We’ve been dreading Helga’s MOT coming up as I’m sure everyone does with their vehicles, but this was the first one since we’ve owned her. For anyone who’s not familiar with an MOT it’s basically a safety check on a vehicle in the UK and it’s a legal requirement. We always get nervous around mechanics, especially on a roadtrip because we don’t know if we’ve just stepped into a garage which is known to rip people off. All we could do was search for a place online with good reviews and in a small town as we certainly didn’t want to be stuck in a city if she needed work doing.
Maryport in Cumbria ended up being the location of our chosen mechanic. Before we arrived we stopped in another town to get a tyre replaced, we’ve replaced the other three but this one desperately needed swapping as it was 11 years old and cracked to shit. We knew the tyre would fail so we tried to send out the most positive vibes to the universe, as if the tyre would be all we needed to fix.
Helga’s an old girl at 32 years and we watched as she was raised up in the air for a full check over, her poor little bonnet was left open and bouncing precariously. The mechanic came in half way through to answer the phone and he mentioned to us that our headlights probably needed fixing and I snorted and said “as long as that’s all we need to fix ha haaaaa!”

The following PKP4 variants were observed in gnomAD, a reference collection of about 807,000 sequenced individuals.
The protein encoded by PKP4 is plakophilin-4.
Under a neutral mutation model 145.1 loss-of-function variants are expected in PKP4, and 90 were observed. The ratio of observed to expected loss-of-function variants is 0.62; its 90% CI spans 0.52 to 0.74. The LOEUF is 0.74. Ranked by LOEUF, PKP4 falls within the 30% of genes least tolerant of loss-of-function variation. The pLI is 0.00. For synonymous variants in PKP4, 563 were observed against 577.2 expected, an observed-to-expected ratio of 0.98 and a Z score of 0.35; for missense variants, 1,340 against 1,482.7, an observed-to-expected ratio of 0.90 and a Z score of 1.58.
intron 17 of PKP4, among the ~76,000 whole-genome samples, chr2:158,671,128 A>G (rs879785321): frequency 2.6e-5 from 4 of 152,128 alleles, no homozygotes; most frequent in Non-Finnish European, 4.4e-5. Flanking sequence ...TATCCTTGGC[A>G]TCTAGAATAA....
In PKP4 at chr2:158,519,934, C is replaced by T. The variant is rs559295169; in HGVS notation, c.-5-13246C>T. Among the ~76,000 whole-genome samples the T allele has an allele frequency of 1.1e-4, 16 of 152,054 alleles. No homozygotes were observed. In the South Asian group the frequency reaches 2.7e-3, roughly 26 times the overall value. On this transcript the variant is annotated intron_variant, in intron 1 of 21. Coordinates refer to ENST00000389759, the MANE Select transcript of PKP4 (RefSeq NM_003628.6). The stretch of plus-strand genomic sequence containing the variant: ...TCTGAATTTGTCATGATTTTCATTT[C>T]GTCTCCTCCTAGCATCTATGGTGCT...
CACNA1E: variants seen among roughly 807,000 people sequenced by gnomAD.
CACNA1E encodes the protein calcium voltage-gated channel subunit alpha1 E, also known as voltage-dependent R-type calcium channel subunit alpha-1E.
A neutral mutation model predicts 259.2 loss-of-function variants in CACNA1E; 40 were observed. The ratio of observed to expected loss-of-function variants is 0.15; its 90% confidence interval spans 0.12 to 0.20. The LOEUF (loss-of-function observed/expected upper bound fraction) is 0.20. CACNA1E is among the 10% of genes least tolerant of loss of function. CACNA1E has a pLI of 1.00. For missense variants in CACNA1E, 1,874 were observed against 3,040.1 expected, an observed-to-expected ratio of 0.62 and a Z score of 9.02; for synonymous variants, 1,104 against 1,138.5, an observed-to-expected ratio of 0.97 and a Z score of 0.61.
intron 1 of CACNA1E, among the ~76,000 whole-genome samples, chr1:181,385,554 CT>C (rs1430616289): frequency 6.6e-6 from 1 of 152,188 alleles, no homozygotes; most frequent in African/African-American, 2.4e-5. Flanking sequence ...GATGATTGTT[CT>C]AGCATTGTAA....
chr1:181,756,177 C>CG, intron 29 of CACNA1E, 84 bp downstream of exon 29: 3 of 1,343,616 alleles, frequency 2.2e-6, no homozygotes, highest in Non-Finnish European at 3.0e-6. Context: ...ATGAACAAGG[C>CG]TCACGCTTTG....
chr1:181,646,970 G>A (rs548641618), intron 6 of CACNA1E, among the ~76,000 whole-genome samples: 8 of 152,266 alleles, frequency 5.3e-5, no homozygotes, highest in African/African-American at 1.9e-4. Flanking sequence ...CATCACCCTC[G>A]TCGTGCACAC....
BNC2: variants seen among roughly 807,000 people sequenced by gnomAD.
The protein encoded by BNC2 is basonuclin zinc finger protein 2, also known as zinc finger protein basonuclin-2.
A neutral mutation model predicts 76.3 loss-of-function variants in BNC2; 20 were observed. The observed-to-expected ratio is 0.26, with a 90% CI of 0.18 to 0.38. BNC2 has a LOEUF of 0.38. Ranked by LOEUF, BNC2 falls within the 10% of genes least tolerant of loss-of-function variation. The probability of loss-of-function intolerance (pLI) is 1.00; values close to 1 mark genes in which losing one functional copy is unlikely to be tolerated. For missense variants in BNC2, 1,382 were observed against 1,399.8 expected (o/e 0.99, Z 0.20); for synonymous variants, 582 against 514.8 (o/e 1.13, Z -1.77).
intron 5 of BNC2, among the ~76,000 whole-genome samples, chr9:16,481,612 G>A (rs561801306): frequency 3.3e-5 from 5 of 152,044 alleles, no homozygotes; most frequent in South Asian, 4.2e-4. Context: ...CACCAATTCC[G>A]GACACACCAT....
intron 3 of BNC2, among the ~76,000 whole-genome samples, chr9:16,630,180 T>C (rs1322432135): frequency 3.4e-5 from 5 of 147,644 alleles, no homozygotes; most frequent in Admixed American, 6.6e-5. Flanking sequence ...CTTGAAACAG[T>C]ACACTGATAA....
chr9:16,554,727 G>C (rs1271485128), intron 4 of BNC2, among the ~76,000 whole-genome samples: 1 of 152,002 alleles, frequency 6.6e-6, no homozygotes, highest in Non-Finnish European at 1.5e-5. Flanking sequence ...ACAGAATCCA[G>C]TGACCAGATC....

I was feeling sick with worry, even though we’d had a full check over when we first bought her this was a totally different mechanic. The chap came back into the room and input some information onto the computer before calling out “well you can continue on your roadtrip” oh my god. Helga the bloody legend passed!! All she had was two little advisories. We were over the bloody moon, what a relief!!
We were anticipating her needing a few issues fixed and having to wait for parts to be delivered so suddenly we were wondering where to go next. Our plan was Scotland but which route? I figured the best way to decide would be to see where the wildlife will be at what time of year and Orca’s popped up on my search. I read there was quite a good chance of seeing them in the Shetland Islands so after a little research we decided to go with this spontaneous decision and book a ticket on the ferry! Although it wasn’t quite that easy as they were full for a few weeks. Luckily a few days later I checked again and found a cancellation so we were able to bring the date forward.